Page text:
Brands on marketing plans for the post-lockdown recovery

Brands on marketing plans for the post-lockdown recovery

It’s been a tough lockdown for brands almost across the board. But as the government faces pressure to release details of its lockdown exit strategy brands across different sectors are beginning to plan for the day when restrictions ease.

Hospitality – but at a distance

One of the first and worst-hit sectors has been hospitality.

Point A Hotels (see main image) is a chain of nine budget boutique hotels in central London owned by Queensway Group. Each property has been closed to all but NHS workers during the lockdown.

Queensway Marketing Director Victoria Heath says that as the hotels gear up for eventual reopening a more agile and flexible approach to marketing has been developed.

“We firmly believe in human experiences but after coronavirus we will provide much more choice – the way we deliver our service may change,” she says.

Victoria Heath

With so much uncertainty ahead, her department is developing a range of ideas at speed to reassure travellers – particularly those nervous of close social interaction – by including, for example, online check-ins and minimal contact with hotel staff.

The challenge has been, however, adapting these changes in line with the brand’s core values.

She says, “Service delivery may change but not the vision: creating human experiences based on emotional intelligence. Brands that move away from their core purpose during the coronavirus crisis lose a chance to reinforce what they stand for.”

Tech becomes a public service

Nasdaq-listed Bottomline Technologies is a financial technology and payments company. Bottomline Global Marketing Director Cara O’Nions says that a “public service” rather than sales approach is driving the way it goes to market in the belief that “customers will remember you by the actions you take now.”

Cara O'Nions

Her first action during the lockdown alongside ramping up of internal communications was an outreach programme to every customer. The aim was to offer support, creating fresh scripts for customer care teams, to ensure continuity of service.

“We are critical national infrastructure. We really toned down the sales message within brand communications and shifted the tone to one of public service,” says Cara.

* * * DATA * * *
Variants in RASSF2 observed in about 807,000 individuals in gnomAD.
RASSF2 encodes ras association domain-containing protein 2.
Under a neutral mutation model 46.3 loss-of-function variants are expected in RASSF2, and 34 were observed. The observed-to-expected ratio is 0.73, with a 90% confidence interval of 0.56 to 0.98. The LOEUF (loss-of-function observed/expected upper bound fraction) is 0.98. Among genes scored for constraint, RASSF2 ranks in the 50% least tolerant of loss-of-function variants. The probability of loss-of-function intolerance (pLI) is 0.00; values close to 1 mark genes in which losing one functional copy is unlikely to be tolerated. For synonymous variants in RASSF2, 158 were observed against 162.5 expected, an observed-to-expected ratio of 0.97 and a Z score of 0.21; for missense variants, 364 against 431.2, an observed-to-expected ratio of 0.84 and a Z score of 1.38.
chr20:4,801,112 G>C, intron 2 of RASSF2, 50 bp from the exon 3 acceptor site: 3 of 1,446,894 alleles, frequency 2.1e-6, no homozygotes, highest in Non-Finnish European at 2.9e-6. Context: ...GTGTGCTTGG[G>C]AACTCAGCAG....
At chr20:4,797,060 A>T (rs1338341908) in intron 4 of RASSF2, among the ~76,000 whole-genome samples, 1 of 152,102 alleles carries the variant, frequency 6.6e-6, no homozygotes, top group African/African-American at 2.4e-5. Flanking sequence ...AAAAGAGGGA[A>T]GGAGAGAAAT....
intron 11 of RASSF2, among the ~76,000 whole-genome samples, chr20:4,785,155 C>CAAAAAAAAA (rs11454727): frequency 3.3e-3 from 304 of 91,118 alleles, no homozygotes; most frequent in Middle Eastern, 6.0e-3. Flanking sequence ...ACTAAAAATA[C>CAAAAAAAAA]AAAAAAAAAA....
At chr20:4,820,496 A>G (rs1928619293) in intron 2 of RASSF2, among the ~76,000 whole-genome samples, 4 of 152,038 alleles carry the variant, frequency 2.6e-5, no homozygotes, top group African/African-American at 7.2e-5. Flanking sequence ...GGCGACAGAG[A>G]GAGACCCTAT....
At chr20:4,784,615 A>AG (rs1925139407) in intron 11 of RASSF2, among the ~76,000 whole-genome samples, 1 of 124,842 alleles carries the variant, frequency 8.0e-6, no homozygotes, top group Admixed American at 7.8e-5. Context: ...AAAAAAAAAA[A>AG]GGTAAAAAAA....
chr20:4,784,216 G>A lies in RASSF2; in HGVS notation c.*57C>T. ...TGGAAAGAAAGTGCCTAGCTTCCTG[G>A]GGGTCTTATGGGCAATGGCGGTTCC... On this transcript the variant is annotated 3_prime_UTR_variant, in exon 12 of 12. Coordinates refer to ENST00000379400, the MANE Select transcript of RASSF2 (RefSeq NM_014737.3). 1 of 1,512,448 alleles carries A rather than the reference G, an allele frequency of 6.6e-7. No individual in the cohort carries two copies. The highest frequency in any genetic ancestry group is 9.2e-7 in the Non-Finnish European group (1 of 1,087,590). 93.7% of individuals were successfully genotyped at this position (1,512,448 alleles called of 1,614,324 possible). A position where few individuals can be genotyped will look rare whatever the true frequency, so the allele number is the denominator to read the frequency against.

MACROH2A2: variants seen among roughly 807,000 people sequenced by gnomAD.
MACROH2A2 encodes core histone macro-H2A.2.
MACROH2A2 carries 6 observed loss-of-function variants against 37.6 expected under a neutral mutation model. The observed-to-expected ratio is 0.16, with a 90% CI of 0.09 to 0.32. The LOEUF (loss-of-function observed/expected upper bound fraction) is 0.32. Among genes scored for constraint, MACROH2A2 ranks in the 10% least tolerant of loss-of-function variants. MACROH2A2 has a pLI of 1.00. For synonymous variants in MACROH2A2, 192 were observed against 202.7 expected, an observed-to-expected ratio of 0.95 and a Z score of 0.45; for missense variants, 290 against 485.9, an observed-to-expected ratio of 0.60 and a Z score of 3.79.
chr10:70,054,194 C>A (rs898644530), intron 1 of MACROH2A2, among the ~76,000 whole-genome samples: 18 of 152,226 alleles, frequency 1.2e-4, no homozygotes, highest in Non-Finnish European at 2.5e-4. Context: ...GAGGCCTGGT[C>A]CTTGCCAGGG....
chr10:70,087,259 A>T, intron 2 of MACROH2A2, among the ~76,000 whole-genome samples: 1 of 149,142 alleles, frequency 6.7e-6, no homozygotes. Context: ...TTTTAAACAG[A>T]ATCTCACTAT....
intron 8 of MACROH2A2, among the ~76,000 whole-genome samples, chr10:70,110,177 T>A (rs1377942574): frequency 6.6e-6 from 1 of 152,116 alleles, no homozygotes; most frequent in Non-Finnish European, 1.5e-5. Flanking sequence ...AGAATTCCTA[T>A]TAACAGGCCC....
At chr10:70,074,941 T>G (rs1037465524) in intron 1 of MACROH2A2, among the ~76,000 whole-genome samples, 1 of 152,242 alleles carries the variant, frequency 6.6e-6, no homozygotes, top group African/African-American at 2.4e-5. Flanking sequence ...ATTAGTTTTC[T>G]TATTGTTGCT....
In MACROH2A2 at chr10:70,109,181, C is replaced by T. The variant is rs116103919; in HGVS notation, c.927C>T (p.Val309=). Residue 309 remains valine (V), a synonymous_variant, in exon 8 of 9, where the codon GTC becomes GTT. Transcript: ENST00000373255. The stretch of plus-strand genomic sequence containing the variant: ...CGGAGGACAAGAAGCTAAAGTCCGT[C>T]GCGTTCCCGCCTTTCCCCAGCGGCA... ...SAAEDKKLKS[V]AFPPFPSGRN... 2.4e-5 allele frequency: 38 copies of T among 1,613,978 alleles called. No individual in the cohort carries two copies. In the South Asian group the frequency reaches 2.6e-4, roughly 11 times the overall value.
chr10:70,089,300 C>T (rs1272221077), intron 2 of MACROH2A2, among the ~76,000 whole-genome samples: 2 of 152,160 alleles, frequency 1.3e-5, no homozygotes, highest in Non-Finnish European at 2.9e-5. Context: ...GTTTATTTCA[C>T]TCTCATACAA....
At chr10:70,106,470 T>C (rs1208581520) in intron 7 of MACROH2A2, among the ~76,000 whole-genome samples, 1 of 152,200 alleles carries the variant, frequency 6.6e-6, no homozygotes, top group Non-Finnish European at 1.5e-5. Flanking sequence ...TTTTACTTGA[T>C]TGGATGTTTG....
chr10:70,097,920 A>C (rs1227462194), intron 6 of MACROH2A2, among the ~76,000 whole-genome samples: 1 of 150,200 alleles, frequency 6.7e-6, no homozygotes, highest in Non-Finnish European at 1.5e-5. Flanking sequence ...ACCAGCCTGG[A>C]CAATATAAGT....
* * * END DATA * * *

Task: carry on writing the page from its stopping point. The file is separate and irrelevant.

The tone in communications has since also been ‘humanized’ with acronyms dropped, for example.

For now, events and channels are shifting entirely to the virtual but this may become a permanent change “depending on how long this goes on for”, says Cara.

Water and social good

In mid-April, Bristol Water – one of the smallest water companies in the UK and privately-owned since 1846 – announced a water rebate for all NHS staff.

Faced with local hospitals no longer offering laundry for scrubs and medical garments, Bristol Water stepped in to ensure local NHS workers could wash their work clothes at home without paying for the water.

Head of Communications Rob Ellis says, “We’re not fighting for customers. We’re here to have a positive impact on society – beyond water.”

Rob Ellis

The company has historically had a socially-minded purpose but during covid it has become even more important to be seen to benefit the local community, says Rob.

So for a company impacted in a very different way from other sectors, the key has been to “stick to our principles and who we are” during the lockdown.

While the iron is hot….

The most successful brands will be those who use the lockdown to refresh their approach based on core principles, says PS London Insight and Strategy Director Kendra Rogers.

Kendra Rogers

She says, “Now is the time to take a moment to be intentional; don’t rush to respond to the crisis but put consideration into how the brand can meet people’s needs.”

She believes that the desire for clarity and assurance has created an appetite for buy-in to innovative and creative ideas. This could shape the way brands not only weather the crisis but recover post-covid, she says.

“Organisations that understand their proposition and their brand’s personality are better equipped to respond correctly to the crisis and will recover in a better state too,” she says.